That's right, Joe found the ashes of someone's grandmother floating in the lake! We continued to watch as the waves carried Mrs. Bliss across the lake (and likely into shore). In talking with Joe's sister later that day about our unusual find Marianne mentioned that the Bliss family lived just a few houses down (she had noticed the name on the mailbox). We figured that maybe this was an accident and that maybe they didn't intend for their grandmother to free float in the lake so Marianne tried to let them know. Unfortunately nobody was home.
Joe was just happy that he found the inscription on the box before he opened it! Odd, just odd.
Monday, August 24, 2009
Most of you probably heard a little bit about Hurricane Bill as it moved up parts of the east coast this weekend. When we heard that the hurricane was going to skirt the Maine coast, but still produce up to 17 foot waves around Acadia National Park we decided that we wanted to see it. So on Sunday we headed up to Bar Harbor and Acadia National Park to wittness the waves at Thunder Hole (a place in the park where waves crash into a cavern producing a thunder sound). I have to admit that as we drove across the bridge into Bar Harbor I was disappointed. The water was totally calm and I began to figure that we would just spend a relaxing day hiking in the park (versus watching giant waves at Thunder Hole). Little did I know. As we began driving through the park (where the coast stretches out into open ocean) it became obvious that the waves breaking were quite big. It was also quite obvious that lots of other people had the same idea as us. The park loop road leading up to Thunder Hole was packed. This is a one way road (with two lanes) and most of the right lane was filled with parked cars (which is allowed). So pretty early on we decided to just park our car and walk the trail along the coast to Thunder Hole (which is what most people were doing).
Here's Joe and Lily checking out the waves as we walked along the coastal trail. The waves were pretty big here, but we decided to walk a little further.
Here's Joe and Lily checking out the waves as we walked along the coastal trail. The waves were pretty big here, but we decided to walk a little further.
Here's us walking along the trail (the ocean is to the left and as you can see the packed road is to the right).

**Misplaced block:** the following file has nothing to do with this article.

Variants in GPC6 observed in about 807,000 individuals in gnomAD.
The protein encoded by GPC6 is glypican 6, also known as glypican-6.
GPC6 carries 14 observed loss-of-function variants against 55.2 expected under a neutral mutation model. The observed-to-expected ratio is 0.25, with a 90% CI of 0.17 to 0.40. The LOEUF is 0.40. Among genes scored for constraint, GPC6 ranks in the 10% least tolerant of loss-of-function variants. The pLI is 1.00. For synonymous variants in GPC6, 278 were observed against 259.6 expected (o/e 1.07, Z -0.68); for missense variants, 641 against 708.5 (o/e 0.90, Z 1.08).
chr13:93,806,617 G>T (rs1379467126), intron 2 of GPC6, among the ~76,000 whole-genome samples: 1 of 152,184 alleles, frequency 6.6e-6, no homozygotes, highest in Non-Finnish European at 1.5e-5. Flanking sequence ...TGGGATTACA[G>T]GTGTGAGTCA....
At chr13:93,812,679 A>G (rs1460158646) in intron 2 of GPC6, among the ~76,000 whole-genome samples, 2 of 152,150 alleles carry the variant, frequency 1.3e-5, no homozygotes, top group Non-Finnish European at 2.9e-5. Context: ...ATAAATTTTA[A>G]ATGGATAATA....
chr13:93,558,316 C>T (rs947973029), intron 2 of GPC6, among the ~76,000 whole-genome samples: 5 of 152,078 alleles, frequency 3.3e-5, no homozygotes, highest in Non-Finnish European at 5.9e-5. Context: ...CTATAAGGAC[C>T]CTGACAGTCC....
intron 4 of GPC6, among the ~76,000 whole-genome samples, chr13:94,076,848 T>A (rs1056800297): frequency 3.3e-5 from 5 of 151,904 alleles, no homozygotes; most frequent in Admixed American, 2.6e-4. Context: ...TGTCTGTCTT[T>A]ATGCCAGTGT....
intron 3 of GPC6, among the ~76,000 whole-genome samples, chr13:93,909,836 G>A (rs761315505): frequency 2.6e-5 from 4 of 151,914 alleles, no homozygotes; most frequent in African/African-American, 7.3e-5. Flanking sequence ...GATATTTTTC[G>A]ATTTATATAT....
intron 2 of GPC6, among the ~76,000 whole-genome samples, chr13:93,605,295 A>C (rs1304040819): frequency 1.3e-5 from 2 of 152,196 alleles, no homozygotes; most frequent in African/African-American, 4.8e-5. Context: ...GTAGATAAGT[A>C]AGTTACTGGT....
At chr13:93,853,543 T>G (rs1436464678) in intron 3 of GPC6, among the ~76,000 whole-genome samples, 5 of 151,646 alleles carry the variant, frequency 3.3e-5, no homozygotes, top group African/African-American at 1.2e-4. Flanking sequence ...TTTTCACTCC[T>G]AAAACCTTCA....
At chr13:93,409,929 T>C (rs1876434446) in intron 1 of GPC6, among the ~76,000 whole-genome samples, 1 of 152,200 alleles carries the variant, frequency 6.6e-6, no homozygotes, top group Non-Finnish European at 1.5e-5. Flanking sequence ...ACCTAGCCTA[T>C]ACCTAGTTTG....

Long before Thunder Hole we found a great place (high up) where we could enjoy watching the giant waves.
Later Joe would say that the waves that afternoon were the biggest he's ever seen. Reports say that they were 10-20feet high. As they broke on the rocks we could see them spray close to 100 feet over Otter Cliffs (were we do a lot of rock climbing).
We were close enough to have some incredible views of the GIANT waves (and to feel a little spray a couple of times)- but still high enough to be safe (don't worry grandparents, we were very cautious with Lily).
Shortly after these pictures were taken we decided that it looked way too crowded at Thunder Hole (from what we could see) so we decided instead to head back to our car and to just drive further down the coast to get some different views. Right as we started walking we began hearing sirens and shortly after we began seeing the first waves of park rangers, police officers, and ambulances. We heard from people passing by that 3 people had been swept into the water. It was obvious with the crowds and the crazy traffic that the rescue vehicles were having a very difficult time getting through (due to all the parked cars there was only one lane of moving traffic and it was going very slow- with no room to pull over for the police to pass). By the time we got back to our car it was obvious that they had closed off the park loop road to incoming traffic and it had been a while since more rescue vehicles had come through. So we decided to do what many others were doing which was to get in our car and try to leave the area. We had only driven for a minute or two when we were directed by officials with walkie talkies that we needed to clear the road so that they could get more ambulances through.
The cars in front of us took the last few real places to park and we were instructed to park next to another parked car (and behind one of the park trollies). In the above picture our Saturn is the vehicle furthest to the right. You can clearly see how crazy it was with all of the cars and people.
Here's another view of us parked behind the trolly. As instructed we did the best we could to get out of the way and we were as far over as we could possibly get. But apparently not far enough. Shortly after parking our car (and turning it off) an ambulance came through (while we were still in our car) and side swiped the entire length of our car (and snapped our side mirror). I sat there in shock as it happened. And then initially I got quite angry. When the ambulance broke our mirror it shattered and pieces of it flew into our car through the open window. I can understand that the ambulance driver was quite frustrated, but I felt like we did everything we were told to do and that they just created and even worse situation (and a potentially dangerous one). We were fine and although there was damage done to our car it wasn't as bad as it initially sounded. I think that the people around us were as equally shocked as us. Shortly after they moved everyone off to the other side of the road which allowed further ambulances to get through without a problem (this is what they should have done in the first place).